Agriculture Undersecretary On Wildfires: ‘The Climate Is Changing, And These Fires Are A Very Strong Indicator Of That’

Photo: US Dept. of Agriculture

A top official overseeing the health of America’s lands is warning about the influence of a climate change on the intensity of wildfires.

With Colorado facing a severe drought, less summer snow pack, and a strong heat wave, the state is experiencing the most destructive wildfire in its history. Scientists are warning that human-caused warming will continue to fuel these factors, increasing the intensity and frequency of wildfires across the western U.S.

The last decade has already brought a major increase in wildfire activity. And Harris Sherman, the nation’s Undersecretary of Agriculture for Natural Resources and Environment, tells the Washington Post that climate change is contributing to the factors driving western fires:

“We’ve had record fires in 10 states in the last decade, most of them in the West,” said Agriculture Department Undersecretary Harris Sherman, who oversees the Forest Service. Over the past 10 years, the wildfire season that normally runs from June to September expanded to include May and October. Once, it was rare to see 5 million cumulative acres burn in a year, but some recent seasons have recorded twice that.

“The climate is changing, and these fires are a very strong indicator of that,” Sherman said.

Sherman’s comments reflect those made in recent weeks by officials responsible for managing the country’s natural resources. As Colorado and other Western states deal with a persistent drought, pest infestations, and a heat wave fanning the flames, talk of the connection to human-fueled warming has also increased. Speaking at symposium on fire preparedness last week, experts on forestry, water and energy policy all discussed the link between wildfire intensity and climate change. The Colorado Independent reported on the forum:

“If we accept that the world is changing – this whole new normal [of global warming] – why don’t we accept that we have to change?” said Jack Sahl, director of environment and resource sustainability for the Southern California Edison power utility. “I think a lot of our urban and rural planning has just been goofy, and we have to find a way to rethink that.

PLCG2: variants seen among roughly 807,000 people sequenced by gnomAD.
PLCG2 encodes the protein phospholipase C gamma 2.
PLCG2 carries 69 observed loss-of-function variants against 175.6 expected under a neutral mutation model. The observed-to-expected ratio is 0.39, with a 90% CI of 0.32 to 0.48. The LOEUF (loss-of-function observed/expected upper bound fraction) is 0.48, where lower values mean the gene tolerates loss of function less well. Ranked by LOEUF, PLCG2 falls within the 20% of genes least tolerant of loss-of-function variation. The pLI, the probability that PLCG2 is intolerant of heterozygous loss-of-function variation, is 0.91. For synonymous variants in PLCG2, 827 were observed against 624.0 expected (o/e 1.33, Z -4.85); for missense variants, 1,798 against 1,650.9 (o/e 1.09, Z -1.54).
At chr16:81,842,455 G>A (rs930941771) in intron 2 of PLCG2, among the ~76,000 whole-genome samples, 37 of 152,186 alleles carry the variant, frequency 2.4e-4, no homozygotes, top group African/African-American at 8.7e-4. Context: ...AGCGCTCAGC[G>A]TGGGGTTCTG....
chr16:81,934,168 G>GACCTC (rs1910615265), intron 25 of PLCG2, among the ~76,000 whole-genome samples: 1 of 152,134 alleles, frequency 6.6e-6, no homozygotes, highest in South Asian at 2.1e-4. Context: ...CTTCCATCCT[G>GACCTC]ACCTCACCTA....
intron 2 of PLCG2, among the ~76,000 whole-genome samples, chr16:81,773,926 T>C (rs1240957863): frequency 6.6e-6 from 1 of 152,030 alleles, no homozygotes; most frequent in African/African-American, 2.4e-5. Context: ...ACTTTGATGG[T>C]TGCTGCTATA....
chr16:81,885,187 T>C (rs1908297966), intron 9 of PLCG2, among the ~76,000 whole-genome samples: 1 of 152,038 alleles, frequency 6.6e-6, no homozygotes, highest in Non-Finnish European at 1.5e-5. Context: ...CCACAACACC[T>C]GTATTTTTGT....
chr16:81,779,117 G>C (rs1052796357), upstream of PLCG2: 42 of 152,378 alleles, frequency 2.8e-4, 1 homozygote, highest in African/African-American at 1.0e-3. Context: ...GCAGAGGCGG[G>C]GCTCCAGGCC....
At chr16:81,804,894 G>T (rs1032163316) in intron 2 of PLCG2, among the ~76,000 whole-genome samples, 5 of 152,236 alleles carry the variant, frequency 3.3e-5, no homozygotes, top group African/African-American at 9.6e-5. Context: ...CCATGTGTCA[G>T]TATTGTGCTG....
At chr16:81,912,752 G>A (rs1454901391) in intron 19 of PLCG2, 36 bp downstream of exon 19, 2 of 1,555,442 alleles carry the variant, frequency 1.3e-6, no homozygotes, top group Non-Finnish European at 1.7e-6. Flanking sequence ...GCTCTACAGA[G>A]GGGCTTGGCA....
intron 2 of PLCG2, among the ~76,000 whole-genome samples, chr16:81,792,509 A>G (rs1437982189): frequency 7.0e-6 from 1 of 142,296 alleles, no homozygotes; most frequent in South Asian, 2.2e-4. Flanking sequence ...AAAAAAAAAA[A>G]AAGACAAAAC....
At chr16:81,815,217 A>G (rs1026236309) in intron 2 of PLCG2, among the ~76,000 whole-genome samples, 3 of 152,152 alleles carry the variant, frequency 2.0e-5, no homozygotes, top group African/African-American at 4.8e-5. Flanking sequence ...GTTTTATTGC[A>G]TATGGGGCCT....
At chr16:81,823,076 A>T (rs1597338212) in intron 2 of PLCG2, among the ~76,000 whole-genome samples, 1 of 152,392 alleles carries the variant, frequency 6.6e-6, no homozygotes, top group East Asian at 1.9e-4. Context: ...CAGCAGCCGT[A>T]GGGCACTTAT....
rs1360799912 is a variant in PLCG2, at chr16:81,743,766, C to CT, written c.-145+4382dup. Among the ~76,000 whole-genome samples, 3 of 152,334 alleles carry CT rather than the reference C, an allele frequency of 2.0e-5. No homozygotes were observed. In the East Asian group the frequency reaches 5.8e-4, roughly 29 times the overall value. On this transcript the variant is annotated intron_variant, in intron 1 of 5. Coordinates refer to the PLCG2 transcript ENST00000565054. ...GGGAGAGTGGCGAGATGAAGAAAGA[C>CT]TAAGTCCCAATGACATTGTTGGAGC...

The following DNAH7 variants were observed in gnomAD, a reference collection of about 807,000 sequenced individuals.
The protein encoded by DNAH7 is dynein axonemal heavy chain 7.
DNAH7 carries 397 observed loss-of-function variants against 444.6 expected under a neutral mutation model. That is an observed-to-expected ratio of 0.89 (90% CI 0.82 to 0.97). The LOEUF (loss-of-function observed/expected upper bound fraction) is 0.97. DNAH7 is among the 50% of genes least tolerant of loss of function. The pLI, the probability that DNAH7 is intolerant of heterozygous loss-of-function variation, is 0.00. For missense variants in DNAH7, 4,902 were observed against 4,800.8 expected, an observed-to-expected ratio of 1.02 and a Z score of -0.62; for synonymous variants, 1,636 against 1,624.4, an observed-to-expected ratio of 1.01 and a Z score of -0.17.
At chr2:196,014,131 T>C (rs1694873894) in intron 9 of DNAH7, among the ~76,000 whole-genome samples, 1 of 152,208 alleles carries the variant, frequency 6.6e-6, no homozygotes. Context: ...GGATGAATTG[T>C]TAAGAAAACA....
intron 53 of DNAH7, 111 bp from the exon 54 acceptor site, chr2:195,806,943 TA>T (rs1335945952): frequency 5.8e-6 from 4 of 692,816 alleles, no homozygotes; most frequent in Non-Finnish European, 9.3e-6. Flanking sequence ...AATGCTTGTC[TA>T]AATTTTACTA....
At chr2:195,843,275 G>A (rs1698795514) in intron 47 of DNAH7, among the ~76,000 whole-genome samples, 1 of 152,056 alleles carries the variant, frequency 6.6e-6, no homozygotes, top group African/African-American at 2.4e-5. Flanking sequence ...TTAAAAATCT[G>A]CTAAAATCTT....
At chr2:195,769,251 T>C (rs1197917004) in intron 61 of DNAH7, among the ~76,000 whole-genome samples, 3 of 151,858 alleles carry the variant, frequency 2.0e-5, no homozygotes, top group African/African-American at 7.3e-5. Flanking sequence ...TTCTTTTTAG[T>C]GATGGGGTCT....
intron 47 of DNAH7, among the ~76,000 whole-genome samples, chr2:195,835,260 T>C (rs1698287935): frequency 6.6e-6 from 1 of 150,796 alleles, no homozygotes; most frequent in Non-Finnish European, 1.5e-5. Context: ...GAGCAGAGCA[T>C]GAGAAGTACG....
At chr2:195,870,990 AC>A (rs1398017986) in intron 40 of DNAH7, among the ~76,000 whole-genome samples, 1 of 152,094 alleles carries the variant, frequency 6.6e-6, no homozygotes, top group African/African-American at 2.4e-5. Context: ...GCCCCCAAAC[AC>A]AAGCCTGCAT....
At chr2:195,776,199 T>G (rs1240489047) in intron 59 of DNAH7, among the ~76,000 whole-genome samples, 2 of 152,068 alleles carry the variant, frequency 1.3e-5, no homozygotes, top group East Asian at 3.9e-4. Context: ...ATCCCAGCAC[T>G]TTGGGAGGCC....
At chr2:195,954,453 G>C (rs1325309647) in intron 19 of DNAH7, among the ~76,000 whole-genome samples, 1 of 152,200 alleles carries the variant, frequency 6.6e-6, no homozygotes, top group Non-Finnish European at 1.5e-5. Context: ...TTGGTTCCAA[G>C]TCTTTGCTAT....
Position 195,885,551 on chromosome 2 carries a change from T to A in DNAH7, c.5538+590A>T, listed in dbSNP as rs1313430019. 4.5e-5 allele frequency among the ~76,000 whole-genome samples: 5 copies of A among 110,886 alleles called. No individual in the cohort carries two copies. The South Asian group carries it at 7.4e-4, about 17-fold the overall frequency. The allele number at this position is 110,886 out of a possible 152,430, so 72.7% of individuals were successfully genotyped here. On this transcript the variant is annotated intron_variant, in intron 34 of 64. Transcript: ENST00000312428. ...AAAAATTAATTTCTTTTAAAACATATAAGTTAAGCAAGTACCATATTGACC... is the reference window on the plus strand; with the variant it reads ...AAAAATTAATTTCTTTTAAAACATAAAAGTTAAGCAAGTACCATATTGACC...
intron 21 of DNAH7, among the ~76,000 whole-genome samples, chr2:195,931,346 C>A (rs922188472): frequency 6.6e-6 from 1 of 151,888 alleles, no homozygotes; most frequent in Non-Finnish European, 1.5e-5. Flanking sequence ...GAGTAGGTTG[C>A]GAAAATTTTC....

“How many times do we have to have a flood, or how many times do you have to have a fire burn out a community or how many times do you have to have a hurricane take out a community before you say, ‘There has to be a better way?’”

Almost 1,000 homes have been destroyed by wildfires across the West. Last week, 32,000 people were evacuated due to threat from the Waldo Canyon Fire, which breached fire lines and burned out of control.

“We haven’t been at this demand in a long time, if ever,” said Jim Fletcher, coordinator of the U.S. Forest Service’s firefighting command center, speaking to the Los Angeles Times.

Forest Service Chief Tom Tidwell told the U.S. Senate last year:

Throughout the country, we’re seeing longer fire seasons, and we’re seeing snowpacks that, on average, are disappearing a little earlier every spring,” he said, as well as devastating droughts. As a result, fire seasons have lengthened by more than 30 days, on average.

Our scientists believe this is due to a change in climate,” said Tidwell.

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3 Responses to Agriculture Undersecretary On Wildfires: ‘The Climate Is Changing, And These Fires Are A Very Strong Indicator Of That’

  1. Rabid Doomsayer says:

    Fire suppression over the last century leading to a build up of fuel loads, plus climate change, equals a very nasty combination.

    The fires in Spain and Russia also look bad.

  2. Geoff Beacon says:

    Fires are one of the climate feedbacks missing from climate models.
    Professor John Mitchell of the UK Hadley Centre has given me two examples of climate feedbacks that are not included in current climate models (indicating that although these things may be important, they are not always easy to quantify, model, initialize and validate):

    melting permafrost – we don’t have [CO2 and CH4 emissions from permafrost] in the GCM [global climate model], but have some simple modelling of. Too early to show any results yet, but we plan to publish later this year. Bottom line is that both CH4 and CO2 will be released as permafrost thaws. The magnitude is uncertain, but likely to be significant.


    “more forest fires – We don’t do yet, but could be important for changing ecosystems response to climate.”

  3. Mulga Mumblebrain says:

    Is James Watt available to serve as the Stormin’ Mormon’s Secretary of the Interior? He did such a sterling job under Reagan, and, judging from his observation in 1991 to the Green River Cattleman’s Association in Wyoming, that, ‘If the troubles from environmentalists cannot be solved by the jury box or ballot box, then perhaps the cartridge box should be used’. Sounds like he’s got the ‘Right’ Stuff, still. They understand his recommended methods in Brazil and Colombia, too.